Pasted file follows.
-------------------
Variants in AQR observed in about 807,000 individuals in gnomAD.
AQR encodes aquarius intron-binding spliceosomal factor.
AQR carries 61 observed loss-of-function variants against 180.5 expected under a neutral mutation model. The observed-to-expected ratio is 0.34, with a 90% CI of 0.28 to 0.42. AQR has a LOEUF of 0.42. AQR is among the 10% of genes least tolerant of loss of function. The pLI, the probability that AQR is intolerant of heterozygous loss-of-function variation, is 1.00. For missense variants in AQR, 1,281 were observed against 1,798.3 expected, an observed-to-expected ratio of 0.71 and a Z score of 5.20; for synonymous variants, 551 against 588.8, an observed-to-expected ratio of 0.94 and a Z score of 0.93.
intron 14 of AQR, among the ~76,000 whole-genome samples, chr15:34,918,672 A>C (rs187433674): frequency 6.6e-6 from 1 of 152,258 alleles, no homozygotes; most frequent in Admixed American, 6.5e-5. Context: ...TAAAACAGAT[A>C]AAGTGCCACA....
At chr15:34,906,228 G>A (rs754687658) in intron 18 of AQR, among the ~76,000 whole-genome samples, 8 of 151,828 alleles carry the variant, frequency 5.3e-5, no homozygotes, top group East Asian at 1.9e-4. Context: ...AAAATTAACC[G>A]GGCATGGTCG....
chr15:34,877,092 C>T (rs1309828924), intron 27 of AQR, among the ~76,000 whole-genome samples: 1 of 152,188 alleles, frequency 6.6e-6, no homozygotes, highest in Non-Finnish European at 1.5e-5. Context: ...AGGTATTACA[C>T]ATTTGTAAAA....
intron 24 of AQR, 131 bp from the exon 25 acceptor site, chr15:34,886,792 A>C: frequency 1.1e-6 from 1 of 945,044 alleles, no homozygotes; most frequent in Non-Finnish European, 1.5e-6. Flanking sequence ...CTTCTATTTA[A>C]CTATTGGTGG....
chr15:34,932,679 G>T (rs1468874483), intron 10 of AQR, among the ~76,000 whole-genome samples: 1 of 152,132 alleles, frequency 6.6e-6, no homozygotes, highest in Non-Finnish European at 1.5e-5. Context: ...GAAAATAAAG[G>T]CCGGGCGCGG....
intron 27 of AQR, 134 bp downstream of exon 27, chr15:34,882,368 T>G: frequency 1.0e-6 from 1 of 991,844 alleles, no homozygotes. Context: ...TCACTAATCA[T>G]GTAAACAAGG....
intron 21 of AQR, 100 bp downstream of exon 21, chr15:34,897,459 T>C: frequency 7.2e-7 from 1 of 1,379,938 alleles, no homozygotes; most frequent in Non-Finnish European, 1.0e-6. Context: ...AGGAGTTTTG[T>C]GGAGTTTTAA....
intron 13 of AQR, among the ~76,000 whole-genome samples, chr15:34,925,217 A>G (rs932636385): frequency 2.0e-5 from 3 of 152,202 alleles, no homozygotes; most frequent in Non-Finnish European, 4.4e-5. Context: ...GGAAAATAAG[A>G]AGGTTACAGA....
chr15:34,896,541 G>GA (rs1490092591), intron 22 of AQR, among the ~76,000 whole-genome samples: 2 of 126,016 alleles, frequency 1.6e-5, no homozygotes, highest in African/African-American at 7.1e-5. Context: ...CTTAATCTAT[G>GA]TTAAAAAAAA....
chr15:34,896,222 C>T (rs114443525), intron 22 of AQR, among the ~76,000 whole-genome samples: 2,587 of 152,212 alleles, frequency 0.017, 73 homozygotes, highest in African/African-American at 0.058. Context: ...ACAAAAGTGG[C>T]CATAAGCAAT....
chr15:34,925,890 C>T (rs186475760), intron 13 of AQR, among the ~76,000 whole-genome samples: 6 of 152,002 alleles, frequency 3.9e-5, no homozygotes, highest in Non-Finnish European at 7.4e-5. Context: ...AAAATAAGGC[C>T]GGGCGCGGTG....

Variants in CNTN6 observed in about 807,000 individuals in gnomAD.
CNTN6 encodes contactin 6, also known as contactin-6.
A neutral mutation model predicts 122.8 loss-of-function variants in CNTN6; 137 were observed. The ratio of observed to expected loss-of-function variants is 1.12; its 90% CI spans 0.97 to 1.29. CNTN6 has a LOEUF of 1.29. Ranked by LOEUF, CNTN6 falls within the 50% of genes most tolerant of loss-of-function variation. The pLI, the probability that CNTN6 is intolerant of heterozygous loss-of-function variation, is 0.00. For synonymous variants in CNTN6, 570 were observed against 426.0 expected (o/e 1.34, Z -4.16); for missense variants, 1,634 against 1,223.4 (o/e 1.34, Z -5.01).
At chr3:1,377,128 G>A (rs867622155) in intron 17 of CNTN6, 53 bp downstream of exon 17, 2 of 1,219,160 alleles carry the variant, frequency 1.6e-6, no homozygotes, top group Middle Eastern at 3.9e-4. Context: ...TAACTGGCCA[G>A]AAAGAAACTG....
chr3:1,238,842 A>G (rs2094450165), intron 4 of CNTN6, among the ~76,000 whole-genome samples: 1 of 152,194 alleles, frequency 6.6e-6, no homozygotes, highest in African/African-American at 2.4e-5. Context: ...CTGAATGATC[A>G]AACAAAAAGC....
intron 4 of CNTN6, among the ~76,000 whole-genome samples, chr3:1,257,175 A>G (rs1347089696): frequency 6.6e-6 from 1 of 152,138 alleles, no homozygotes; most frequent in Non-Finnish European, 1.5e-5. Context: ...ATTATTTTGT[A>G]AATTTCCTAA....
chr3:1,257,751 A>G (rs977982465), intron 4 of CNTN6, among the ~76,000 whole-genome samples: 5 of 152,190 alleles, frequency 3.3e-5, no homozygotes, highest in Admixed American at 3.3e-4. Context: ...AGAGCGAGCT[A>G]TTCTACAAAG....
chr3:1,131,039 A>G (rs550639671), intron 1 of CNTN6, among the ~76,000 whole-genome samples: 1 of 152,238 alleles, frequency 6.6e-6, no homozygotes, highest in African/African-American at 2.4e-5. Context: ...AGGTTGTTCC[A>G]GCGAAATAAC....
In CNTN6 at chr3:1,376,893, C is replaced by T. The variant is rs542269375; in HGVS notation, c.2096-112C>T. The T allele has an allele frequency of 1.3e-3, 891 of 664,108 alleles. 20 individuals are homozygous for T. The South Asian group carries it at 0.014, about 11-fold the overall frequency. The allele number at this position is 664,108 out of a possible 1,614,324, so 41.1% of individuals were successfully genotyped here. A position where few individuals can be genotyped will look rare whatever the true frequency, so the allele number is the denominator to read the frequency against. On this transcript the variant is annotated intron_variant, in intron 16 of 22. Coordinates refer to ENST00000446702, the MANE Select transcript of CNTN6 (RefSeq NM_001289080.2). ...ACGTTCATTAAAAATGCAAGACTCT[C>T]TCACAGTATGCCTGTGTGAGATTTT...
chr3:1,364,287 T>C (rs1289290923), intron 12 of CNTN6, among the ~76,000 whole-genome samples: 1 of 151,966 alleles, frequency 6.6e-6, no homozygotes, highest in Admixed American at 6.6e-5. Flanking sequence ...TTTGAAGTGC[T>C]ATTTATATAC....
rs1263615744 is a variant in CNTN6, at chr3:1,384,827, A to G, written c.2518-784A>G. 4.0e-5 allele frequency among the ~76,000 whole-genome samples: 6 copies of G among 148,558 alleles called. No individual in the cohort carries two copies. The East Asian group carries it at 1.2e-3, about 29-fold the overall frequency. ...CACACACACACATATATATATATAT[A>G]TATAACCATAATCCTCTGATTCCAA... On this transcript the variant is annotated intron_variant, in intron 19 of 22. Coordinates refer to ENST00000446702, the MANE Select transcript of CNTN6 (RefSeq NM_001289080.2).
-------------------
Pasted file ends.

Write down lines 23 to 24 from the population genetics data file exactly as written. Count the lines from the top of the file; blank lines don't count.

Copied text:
In CNTN6 at chr3:1,376,893, C is replaced by T. The variant is rs542269375; in HGVS notation, c.2096-112C>T. The T allele has an allele frequency of 1.3e-3, 891 of 664,108 alleles. 20 individuals are homozygous for T. The South Asian group carries it at 0.014, about 11-fold the overall frequency. The allele number at this position is 664,108 out of a possible 1,614,324, so 41.1% of individuals were successfully genotyped here. A position where few individuals can be genotyped will look rare whatever the true frequency, so the allele number is the denominator to read the frequency against. On this transcript the variant is annotated intron_variant, in intron 16 of 22. Coordinates refer to ENST00000446702, the MANE Select transcript of CNTN6 (RefSeq NM_001289080.2). ...ACGTTCATTAAAAATGCAAGACTCT[C>T]TCACAGTATGCCTGTGTGAGATTTT...
chr3:1,364,287 T>C (rs1289290923), intron 12 of CNTN6, among the ~76,000 whole-genome samples: 1 of 151,966 alleles, frequency 6.6e-6, no homozygotes, highest in Admixed American at 6.6e-5. Flanking sequence ...TTTGAAGTGC[T>C]ATTTATATAC....